We’re perplexed, then, by a bill that lawmakers are mulling in Salem.
House Bill 3113 would delete from a current state law the requirement that in elections which include a proposed property tax increase, the envelope that comes with the mail-in ballot must contain this phrase, printed clearly and boldly in red: “Contains vote on proposed tax increase.”
The Oregon Education Association, the state’s teachers union, instigated HB 3113 because the tax notice unfairly singles out proposed property tax hikes.
The solution to this minor problem, though, is not to get rid of the one notice that’s required now, and thus give voters less information.
Instead, the Legislature should give them more information by revising the current law to mandate a notice when any type of tax increase is on the ballot.
Baker City Herald Editorial Board
It’s a sad era for car thieves.
Which makes it a happier, and safer, one for the rest of us.
Were it not for OnStar, a General Motors technology, James Reedy, who’s accused of driving a new, $61,000 Chevrolet Camaro out of the Baker Garage showroom Wednesday morning, might have gotten away it.
OnStar, which is optional equipment on GM vehicles, is a GPS navigation system and more — drivers can also call an OnStar official, from their car, to get information about nearby restaurants, for instance.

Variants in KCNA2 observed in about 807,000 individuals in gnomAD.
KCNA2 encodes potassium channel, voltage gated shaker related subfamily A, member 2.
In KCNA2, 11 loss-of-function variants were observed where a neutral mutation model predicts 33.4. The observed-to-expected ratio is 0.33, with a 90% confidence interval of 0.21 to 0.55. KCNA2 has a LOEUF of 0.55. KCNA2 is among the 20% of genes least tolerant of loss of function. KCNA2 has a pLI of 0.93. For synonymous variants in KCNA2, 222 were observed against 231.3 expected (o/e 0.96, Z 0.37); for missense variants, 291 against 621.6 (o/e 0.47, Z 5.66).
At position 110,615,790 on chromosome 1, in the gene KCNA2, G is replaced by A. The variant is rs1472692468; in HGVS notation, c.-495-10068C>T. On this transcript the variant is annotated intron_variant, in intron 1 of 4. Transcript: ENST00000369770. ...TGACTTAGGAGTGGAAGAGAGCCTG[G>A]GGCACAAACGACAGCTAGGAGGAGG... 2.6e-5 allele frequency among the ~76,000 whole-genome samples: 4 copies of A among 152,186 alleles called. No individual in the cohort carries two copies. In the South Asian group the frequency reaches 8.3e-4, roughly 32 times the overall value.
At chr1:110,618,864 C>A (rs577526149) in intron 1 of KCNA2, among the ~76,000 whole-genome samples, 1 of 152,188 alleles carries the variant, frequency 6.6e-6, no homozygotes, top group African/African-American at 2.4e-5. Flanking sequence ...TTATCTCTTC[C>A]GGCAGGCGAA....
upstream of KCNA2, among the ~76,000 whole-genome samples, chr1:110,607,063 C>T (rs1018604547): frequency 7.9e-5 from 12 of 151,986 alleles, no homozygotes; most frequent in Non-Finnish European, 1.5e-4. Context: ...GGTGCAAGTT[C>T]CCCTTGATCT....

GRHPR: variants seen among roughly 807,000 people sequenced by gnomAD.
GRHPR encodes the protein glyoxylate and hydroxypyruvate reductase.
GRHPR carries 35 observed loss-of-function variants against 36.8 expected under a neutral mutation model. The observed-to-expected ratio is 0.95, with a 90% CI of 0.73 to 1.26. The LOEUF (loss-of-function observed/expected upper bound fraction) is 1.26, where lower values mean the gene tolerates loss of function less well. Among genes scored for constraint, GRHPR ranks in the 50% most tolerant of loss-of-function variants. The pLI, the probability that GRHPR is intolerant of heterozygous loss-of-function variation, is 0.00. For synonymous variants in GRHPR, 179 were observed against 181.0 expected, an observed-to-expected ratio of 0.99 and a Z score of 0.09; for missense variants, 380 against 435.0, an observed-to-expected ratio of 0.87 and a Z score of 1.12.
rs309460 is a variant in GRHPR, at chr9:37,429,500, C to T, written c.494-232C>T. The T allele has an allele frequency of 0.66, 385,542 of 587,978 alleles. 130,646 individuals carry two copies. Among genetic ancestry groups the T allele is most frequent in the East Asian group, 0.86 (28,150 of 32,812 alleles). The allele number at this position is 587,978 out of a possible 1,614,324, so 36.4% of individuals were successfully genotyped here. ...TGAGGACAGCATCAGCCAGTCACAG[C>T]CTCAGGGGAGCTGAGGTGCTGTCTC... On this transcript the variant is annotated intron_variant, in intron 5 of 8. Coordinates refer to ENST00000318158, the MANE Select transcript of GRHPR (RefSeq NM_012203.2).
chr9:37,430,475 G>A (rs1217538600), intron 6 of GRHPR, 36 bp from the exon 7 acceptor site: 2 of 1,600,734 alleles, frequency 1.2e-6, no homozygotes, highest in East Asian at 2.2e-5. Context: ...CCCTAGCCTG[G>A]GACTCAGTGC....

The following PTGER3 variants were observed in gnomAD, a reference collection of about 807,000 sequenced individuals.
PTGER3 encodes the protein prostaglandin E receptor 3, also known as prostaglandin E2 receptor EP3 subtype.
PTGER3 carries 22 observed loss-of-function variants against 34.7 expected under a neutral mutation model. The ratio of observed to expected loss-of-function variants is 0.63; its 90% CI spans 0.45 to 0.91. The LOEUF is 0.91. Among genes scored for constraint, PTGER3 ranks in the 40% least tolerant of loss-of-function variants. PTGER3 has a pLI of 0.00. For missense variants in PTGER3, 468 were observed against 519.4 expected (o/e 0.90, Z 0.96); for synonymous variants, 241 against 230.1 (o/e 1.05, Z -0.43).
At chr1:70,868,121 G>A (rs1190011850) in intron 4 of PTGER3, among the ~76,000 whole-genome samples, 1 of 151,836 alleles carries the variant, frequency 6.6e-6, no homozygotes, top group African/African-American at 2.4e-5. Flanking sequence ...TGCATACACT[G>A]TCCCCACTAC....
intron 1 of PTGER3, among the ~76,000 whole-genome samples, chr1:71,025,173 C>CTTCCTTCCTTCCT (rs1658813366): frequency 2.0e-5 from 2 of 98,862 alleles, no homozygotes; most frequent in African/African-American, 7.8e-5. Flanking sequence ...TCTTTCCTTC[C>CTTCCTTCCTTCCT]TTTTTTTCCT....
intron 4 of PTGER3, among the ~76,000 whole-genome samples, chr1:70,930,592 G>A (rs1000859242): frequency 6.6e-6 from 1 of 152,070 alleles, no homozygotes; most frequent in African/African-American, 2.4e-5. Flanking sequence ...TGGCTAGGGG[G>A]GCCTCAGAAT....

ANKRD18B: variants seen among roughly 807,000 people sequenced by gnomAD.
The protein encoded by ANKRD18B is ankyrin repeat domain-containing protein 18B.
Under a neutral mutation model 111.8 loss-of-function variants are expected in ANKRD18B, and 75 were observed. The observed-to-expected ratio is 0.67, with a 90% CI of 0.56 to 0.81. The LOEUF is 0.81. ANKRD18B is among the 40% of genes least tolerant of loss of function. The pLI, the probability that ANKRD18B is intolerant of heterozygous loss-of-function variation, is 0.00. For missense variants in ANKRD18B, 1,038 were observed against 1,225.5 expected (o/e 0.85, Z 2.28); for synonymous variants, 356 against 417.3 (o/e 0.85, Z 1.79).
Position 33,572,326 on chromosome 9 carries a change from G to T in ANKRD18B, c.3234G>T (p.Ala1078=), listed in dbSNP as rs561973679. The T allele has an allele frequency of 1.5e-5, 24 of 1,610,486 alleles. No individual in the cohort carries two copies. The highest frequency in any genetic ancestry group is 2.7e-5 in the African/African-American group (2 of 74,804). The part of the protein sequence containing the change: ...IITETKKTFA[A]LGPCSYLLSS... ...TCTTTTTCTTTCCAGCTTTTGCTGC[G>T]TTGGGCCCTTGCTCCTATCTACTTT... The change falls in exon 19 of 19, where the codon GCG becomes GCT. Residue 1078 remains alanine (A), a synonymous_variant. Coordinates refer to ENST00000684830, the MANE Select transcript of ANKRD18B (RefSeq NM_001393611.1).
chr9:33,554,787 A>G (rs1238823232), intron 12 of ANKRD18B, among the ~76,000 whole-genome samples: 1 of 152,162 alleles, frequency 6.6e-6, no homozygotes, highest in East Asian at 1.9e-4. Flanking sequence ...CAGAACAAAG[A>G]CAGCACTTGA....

One of its lesser-known abilities, though, was demonstrated as Reedy tried to elude police in the Camaro.
OnStar can also foil thieves by retarding the car’s engine. In the case of the Camaro, it wouldn’t exceed 30 mph, which not only prevented a high-speed chase that could have endangered lots of travelers on I-84, but also apparently convinced Reedy to pull over and give up.
Which is precisely how these situations should be resolved.
The coming of the spring brings, besides the buttercups and the north wind, the debate over privately owned livestock grazing on public lands.
This dispute is revived annually when the federal government announces the year’s grazing fee.
For 2013, as in the previous six years, that charge is $1.35 per AUM — animal unit month, the amount of forage a cow and her calf will eat in a month.
Critics pounced on this announcement, pointing out that $1.35 is the lowest fee the feds can legally charge.
“It represents another huge form of subsidy to public lands ranchers who are already massively subsidized by us all,” Katie Fite, of the Western Watersheds Project in Idaho, told The Associated Press.
Maligning the welfare rancher is, of course, a popular refrain among groups that don’t care for livestock grazing regardless of how much the government charges. That minimum fee is merely a convenient focus for their disdain.
But notwithstanding the exaggeration of the slur, the repetition of that “massively subsidized” line prompted us to consider what the citizens of the U.S., who own the land where cattle graze, are getting out of the deal.